Andrew Siegel, MD Blog #99
Ivan Petrovich Pavlov (1849-1936) was a Russian physician, physiologist and psychologist who won the 1904 Nobel Prize in medicine. Pavlov is best known for describing classical conditioning, summarized as follows: Pavlov recognized that meat causes dogs to salivate, an instinctual reaction called an unconditioned response. He used a metronome to call his dogs to their meaty meal and, after a few cycles of repetition, the dogs began to salivate just on the basis of the sound of the metronome. The reaction to the metronome is called a conditioned response, since it is a learned behavior.
Humans are little different from Pavlov’s dogs. Many foods literally elicit a “mouth watering” unconditioned response and certain specific contexts can exact a conditioned response in the absence of the specific food item. This can help explain the foraging for food that many of us undertake when the television gets turned on, or alternatively, the desire for snacks when we go out to the movies—I refer to this as the “media munchies.” Similarly, when we enter our homes and head into the kitchen, many food-associated context clues—the refrigerator, pantry, kitchen table, cookie jar, etc.—trigger our desire to eat via the classical conditioning pathway. The importance of classical conditioning with respect to eating is that food-associated context cues can elicit a conditioned response that can trigger eating and drive overeating, weight gain and obesity.
Let’s now shift gears to the bladder—I must admit that this is a strange segue! Many develop a conditioned response to cues that we associate with the act of emptying our bladders. Any source of running water—the kitchen sink, bathroom fixture, shower, etc.—can elicit a conditioned response in which exposure to such a trigger causes urinary urgency, defined as the sudden desire to urinate and need to get to the bathroom in a hurry. At times, it can even cause incontinence, leakage occurring before arrival to the bathroom.
When I was a wee lad (no pun intended!), I noticed that I consistently experienced the sudden need to urinate when I brushed my teeth. For years, I was perplexed about this, thinking it had something to do with the act of brushing of my teeth, only to realize years later that it had nothing to do with the toothbrush, toothpaste or act of brushing, but with the water running from the faucet!
For ages, parents have been trying to get their infants to learn to urinate on command by sitting them on the toilet and turning the bathroom sink on, creating and reinforcing an association between running water and urinating. It is truly a helpful tool in the effort to achieve toilet training; however, this conditioned response can come back to haunt us later in life, when exposure to running water triggers an involuntary bladder contraction (the bladder squeezing without our permission) and hence urgency and perhaps even urgency incontinence! Other common Pavlov-type conditioned responses that can elicit an involuntary bladder contraction are putting the key in the door to one’s home, arising out of a car, and getting closer to the bathroom. “Latchkey” incontinence is a very common condition in which simply placing the key in the lock is enough to cause intense urgency and the need to literally scramble to get to the bathroom on a timely basis. Any cue that reminds us of the act of voiding is enough to trigger this response.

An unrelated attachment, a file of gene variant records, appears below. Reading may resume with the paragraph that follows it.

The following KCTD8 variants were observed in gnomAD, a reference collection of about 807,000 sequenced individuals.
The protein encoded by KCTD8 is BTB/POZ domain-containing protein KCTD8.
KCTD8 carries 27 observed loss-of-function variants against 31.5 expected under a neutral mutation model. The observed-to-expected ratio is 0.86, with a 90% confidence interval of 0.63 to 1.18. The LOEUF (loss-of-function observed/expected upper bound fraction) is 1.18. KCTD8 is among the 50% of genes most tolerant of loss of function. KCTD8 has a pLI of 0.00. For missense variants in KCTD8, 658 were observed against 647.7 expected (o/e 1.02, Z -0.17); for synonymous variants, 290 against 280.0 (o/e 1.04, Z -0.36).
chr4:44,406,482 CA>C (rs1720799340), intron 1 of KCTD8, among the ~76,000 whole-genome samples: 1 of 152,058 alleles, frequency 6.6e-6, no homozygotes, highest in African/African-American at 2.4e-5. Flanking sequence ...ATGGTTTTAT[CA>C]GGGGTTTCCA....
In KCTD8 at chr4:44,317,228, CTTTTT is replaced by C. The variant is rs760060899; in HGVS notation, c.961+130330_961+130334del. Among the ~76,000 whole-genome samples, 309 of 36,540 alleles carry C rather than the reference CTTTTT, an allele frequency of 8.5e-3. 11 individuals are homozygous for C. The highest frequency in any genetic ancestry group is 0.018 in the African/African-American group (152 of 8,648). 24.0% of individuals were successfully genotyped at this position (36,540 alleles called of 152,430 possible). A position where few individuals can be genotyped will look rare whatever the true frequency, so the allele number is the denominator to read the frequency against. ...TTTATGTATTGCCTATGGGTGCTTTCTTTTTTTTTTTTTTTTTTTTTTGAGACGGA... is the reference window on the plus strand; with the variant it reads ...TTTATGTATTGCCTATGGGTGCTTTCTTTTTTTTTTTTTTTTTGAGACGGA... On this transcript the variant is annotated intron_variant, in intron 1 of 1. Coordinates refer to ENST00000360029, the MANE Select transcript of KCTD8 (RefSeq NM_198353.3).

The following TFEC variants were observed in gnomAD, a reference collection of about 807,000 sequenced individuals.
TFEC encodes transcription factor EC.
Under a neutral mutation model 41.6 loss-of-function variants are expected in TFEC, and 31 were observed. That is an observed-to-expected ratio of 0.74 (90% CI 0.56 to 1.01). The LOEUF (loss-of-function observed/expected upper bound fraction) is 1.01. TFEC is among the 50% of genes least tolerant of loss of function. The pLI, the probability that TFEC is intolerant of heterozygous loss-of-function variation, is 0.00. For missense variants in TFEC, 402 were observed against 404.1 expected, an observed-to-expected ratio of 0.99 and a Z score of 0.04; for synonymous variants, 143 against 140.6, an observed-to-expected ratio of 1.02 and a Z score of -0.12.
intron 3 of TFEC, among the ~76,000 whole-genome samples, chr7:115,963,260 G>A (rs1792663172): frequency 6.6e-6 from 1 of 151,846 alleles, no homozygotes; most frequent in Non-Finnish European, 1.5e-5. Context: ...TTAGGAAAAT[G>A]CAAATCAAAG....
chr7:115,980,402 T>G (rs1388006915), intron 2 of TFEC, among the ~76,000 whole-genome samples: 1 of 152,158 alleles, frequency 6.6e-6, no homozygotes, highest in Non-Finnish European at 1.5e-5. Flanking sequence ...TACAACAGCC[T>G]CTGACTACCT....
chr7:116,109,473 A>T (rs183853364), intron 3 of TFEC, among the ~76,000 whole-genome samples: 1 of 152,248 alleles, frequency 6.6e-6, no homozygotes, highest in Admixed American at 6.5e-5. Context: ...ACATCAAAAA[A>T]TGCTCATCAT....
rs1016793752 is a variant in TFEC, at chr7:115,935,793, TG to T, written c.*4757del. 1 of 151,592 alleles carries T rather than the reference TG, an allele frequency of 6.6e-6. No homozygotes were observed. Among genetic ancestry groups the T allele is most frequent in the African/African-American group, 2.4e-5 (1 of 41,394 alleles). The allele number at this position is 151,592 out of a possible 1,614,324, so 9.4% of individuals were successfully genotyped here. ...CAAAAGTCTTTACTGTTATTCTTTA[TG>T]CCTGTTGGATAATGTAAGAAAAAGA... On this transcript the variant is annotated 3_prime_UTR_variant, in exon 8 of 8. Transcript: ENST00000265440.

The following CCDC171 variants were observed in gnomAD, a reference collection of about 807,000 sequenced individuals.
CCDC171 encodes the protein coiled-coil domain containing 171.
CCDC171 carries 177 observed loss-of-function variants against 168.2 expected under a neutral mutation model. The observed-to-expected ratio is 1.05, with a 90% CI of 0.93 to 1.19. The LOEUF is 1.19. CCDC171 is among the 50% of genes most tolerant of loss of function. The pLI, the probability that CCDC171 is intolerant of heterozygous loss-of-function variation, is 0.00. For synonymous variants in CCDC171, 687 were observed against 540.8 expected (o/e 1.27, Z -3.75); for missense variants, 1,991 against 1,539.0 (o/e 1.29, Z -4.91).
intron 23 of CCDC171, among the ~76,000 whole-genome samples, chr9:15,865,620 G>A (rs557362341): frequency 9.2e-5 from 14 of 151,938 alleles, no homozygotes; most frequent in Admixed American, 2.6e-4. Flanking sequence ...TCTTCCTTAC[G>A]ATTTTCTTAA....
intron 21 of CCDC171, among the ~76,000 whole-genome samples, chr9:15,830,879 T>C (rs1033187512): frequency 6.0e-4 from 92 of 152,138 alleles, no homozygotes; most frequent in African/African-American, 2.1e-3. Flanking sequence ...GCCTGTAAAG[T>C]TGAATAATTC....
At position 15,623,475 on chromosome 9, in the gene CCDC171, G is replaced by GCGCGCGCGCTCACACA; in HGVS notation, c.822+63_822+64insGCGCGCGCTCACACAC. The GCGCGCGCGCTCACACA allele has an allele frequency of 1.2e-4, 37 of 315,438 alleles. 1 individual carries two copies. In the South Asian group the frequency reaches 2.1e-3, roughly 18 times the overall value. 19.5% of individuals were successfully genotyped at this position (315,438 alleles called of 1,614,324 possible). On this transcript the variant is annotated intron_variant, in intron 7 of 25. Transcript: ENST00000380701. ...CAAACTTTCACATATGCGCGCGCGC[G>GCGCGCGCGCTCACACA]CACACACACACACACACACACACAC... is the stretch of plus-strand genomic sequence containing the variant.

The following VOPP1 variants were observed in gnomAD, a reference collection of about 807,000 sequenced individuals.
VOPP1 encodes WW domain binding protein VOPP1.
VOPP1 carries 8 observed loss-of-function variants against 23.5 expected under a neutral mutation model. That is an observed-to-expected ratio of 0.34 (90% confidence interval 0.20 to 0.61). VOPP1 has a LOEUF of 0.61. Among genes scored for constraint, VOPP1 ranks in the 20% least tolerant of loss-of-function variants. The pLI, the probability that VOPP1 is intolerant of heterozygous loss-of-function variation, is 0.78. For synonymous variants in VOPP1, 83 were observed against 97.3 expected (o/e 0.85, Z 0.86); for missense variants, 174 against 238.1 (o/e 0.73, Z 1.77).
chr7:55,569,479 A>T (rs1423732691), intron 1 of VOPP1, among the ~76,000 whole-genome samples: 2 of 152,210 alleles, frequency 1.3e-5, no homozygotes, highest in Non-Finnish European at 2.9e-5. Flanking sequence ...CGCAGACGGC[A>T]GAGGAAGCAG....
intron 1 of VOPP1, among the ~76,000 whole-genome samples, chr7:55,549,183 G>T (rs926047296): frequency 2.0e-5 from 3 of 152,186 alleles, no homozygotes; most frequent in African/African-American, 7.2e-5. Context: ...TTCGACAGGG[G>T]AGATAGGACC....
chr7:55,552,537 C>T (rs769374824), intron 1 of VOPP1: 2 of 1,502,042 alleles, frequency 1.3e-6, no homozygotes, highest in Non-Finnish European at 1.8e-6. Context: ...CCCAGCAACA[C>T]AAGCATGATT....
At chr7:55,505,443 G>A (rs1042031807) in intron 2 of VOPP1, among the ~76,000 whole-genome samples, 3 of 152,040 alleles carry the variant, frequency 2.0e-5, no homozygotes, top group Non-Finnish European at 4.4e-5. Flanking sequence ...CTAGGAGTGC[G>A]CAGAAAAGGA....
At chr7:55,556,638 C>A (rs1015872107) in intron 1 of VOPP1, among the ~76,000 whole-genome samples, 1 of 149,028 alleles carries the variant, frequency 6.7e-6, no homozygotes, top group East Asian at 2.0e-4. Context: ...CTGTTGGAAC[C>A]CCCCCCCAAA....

What can we do about these maladaptive and annoying conditioned responses? If our bladders are truly full, nothing will help short of emptying them. However, if our bladders are not full, but are simply contracting involuntarily in response to the trigger, there is a simple and effective means of countering it. The answer is to deploy our pelvic floor muscles to counteract/prevent the involuntary bladder contraction. Whether female or male, by doing a few rhythmic contractions of the pelvic floor muscles (Kegel exercises), either after the urgency is triggered or preferably before exposure to the trigger, the involuntary bladder contraction can be terminated/obviated.
In fact, pelvic floor muscle exercises have a number of very helpful uses and benefits and will be the subject matter of my forthcoming book entitled “Male Pelvic Fitness: Optimizing Sexual and Urinary Health.” The female version will follow. In the meantime, if you would like information on the pelvic floor muscles, take a look at my YouTube video, which can be accessed at: http://www.youtube.com/watch?v=5IbliBiRzOw
Bottom Line: The mind-body connection is powerful beyond our understanding. Contextual cues can provoke responses and actions in the absence of the original stimulus.
Andrew Siegel, M.D.
Author of Promiscuous Eating: Understanding and Ending Our Self-Destructive Relationship with Food: www.promiscuouseating.com
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